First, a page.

[2] The plaintiff introduced in evidence, over the defendant's objection, a notice, dated July 1, 1925, signed by the plaintiff, addressed to the trustee, stating that the defendant was in default in making payments due on the note and requesting the trustee to sell the property pursuant to the provisions of the trust deed. No foundation was laid for the introduction of the writing, except testimony that it bore the signature of the plaintiff. Appellant contends that the admission of the writing was error. There is no evidence that the writing was not delivered to the trustee on the day it bears date. On July 2, 1925, the trustee executed and acknowledged the notice of default and of election to sell the property required by section 2924 of the Civil Code. There is a disputable presumption that a writing is truly dated and that the ordinary course of business has been followed. (Code Civ. Proc., sec. 1963, subds. 23 and 20.) The trustee's deed was admitted in evidence without objection. It recites that the plaintiff "did . . . on July 1, 1925, authorize and direct in writing said The Oakland Bank, as such trustee named in said deed of trust, to sell the real property hereinbefore described." [3] The trust deed provides that in the event of a sale of the property by the trustee the recitals in the trustee's deed "of default, request to sell, publication of notice of the time and place of sale, . . . and of any other fact or facts affecting the regularity or validity of such sale shall be conclusive evidence" of such facts against the defendant. If it be conceded that, as bearing on the issues in this case, such recital is not conclusive evidence but hearsay, it is sufficient to establish the fact recited, in the absence of any evidence to the contrary. ( Lucy v. Davis, 163 Cal. 611, 615 [ 126 P. 490]; Menefee v. Raisch Imp. Co., 78 Cal.App. 785, 789 [ 248 P. 1031].)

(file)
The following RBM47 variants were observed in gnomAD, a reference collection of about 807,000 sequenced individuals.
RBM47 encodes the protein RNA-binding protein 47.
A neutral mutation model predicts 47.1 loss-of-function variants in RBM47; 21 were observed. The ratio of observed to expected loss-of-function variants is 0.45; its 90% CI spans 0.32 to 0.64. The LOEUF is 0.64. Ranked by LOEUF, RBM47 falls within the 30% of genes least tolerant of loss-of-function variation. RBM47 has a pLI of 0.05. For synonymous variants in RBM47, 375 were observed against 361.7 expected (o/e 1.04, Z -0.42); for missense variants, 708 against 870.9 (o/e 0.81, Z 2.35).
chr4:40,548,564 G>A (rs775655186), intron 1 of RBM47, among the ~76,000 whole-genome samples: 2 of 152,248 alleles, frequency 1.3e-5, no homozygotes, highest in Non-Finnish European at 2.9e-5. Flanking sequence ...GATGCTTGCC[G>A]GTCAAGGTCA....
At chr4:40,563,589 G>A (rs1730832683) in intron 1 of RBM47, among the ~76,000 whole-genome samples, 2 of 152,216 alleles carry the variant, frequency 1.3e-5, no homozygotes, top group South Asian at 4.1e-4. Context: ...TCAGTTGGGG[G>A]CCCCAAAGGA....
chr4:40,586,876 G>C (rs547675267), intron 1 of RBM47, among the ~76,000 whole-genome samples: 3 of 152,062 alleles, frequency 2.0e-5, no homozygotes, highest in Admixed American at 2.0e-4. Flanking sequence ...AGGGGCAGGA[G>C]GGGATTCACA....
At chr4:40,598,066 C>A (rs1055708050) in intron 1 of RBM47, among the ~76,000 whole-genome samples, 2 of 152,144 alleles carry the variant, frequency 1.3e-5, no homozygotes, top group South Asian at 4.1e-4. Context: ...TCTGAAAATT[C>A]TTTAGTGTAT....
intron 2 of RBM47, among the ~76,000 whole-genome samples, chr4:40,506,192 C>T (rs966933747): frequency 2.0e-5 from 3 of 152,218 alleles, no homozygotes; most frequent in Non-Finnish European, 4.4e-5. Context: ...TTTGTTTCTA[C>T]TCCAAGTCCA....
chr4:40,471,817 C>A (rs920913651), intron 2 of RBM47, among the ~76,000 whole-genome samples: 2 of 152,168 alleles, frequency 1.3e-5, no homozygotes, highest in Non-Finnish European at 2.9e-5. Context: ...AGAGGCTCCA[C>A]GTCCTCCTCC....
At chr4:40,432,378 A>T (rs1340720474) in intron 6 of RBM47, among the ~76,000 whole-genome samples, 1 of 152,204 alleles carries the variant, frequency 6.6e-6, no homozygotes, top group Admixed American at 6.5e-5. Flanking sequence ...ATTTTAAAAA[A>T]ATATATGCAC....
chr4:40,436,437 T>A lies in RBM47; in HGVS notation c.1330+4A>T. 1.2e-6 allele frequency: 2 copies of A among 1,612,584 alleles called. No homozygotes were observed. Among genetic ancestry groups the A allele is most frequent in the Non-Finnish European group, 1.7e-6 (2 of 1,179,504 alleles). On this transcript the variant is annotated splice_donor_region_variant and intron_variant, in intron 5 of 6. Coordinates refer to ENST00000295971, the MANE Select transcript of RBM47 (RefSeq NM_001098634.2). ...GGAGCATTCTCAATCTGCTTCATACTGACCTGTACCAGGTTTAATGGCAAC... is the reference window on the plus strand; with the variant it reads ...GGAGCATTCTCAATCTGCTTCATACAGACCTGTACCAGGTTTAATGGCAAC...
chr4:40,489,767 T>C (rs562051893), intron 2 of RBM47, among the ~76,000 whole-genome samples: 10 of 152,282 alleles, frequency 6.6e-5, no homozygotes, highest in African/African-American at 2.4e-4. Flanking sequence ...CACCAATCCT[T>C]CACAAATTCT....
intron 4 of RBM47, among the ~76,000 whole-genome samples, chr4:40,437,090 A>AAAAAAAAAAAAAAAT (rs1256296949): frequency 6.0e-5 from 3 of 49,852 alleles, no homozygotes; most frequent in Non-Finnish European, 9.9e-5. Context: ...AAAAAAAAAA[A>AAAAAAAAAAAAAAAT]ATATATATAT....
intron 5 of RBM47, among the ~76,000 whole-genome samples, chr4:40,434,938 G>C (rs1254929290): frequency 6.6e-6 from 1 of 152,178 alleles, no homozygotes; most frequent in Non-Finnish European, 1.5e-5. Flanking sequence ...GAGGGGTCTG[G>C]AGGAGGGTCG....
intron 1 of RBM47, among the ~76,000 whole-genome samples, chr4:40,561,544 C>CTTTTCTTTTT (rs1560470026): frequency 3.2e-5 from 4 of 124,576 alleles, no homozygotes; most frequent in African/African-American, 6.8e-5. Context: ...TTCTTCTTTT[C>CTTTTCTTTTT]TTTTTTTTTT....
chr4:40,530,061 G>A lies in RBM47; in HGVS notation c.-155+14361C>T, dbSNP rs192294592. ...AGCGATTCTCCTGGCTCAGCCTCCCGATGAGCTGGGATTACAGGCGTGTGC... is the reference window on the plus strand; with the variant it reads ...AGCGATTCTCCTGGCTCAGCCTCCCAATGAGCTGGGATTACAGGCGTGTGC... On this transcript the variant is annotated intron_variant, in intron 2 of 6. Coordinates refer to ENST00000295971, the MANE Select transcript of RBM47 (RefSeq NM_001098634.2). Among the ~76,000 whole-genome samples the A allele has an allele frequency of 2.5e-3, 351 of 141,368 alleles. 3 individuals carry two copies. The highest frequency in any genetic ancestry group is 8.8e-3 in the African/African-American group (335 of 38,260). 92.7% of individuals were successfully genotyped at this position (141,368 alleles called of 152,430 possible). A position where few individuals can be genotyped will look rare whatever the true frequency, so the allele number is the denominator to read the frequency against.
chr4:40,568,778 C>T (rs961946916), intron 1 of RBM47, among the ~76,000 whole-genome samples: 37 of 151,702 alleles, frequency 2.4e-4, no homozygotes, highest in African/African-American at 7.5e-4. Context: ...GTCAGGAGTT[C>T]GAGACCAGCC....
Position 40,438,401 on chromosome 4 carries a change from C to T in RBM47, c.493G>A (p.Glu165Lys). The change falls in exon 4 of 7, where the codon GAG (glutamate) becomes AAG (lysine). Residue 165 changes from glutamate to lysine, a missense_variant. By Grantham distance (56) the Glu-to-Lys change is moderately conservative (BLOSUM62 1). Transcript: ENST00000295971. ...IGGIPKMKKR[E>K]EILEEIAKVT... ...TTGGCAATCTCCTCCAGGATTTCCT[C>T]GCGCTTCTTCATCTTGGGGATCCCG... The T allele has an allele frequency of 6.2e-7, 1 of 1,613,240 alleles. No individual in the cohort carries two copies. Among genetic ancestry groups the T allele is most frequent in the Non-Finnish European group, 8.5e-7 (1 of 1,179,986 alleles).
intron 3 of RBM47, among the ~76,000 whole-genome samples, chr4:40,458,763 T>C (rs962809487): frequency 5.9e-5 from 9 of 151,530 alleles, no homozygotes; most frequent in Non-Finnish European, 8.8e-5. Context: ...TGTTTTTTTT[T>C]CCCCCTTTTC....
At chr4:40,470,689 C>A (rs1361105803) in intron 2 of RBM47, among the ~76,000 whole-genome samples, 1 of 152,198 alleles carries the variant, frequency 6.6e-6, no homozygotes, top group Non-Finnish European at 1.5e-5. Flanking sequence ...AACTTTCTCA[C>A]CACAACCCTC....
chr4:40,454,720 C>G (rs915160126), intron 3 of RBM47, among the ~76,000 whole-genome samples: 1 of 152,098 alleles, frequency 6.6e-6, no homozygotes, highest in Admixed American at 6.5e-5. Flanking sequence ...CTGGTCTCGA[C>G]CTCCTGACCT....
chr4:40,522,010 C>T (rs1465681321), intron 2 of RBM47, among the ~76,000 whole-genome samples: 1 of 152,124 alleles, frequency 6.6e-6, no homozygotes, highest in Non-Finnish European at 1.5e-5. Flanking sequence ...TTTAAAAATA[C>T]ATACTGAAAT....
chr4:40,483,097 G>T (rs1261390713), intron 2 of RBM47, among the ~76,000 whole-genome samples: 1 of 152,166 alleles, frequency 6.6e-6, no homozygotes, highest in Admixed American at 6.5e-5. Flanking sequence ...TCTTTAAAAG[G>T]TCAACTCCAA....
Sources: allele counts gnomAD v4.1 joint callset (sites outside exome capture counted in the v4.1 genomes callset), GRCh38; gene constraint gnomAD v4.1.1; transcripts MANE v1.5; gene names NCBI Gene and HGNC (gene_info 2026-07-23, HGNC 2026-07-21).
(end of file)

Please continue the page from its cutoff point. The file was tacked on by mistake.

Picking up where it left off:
[4] The notice of default and of election to sell the property was signed by the trustee and not by the plaintiff. At the time the trust deed was executed section 2924 provided for the recordation of such a notice by "the mortgagee or beneficiary." (Stats. 1917, p. 300.) In 1923 (Stats. 1923, p. 755) this section was so amended as to provide for such recordation by "the trustee, mortgagee or beneficiary." The trust deed empowers the trustee, in case of default by the defendant, to sell the property "in the manner and upon the notices prescribed in section 2924 of the Civil Code." In United Bank Trust Co. v. Brown, 203 Cal. 359, 362 [ 264 P. 482, 483], it is said: "When parties to such instruments provide therein that as to the method of their enforcement it shall be in accordance either with law generally or with the terms of a particular procedural statute, the provisions in such instrument thus providing must be interpreted to mean the law or the statute in the form in which it exists at the time of such enforcement." It appears, therefore, that the procedure followed in this case is the proper one. [5] Complaint is made of certain rulings relating to evidence bearing on the execution of the promissory note and the findings in relation thereto. This complaint is without merit, as the execution of the note and the trust deed was admitted by the pleadings.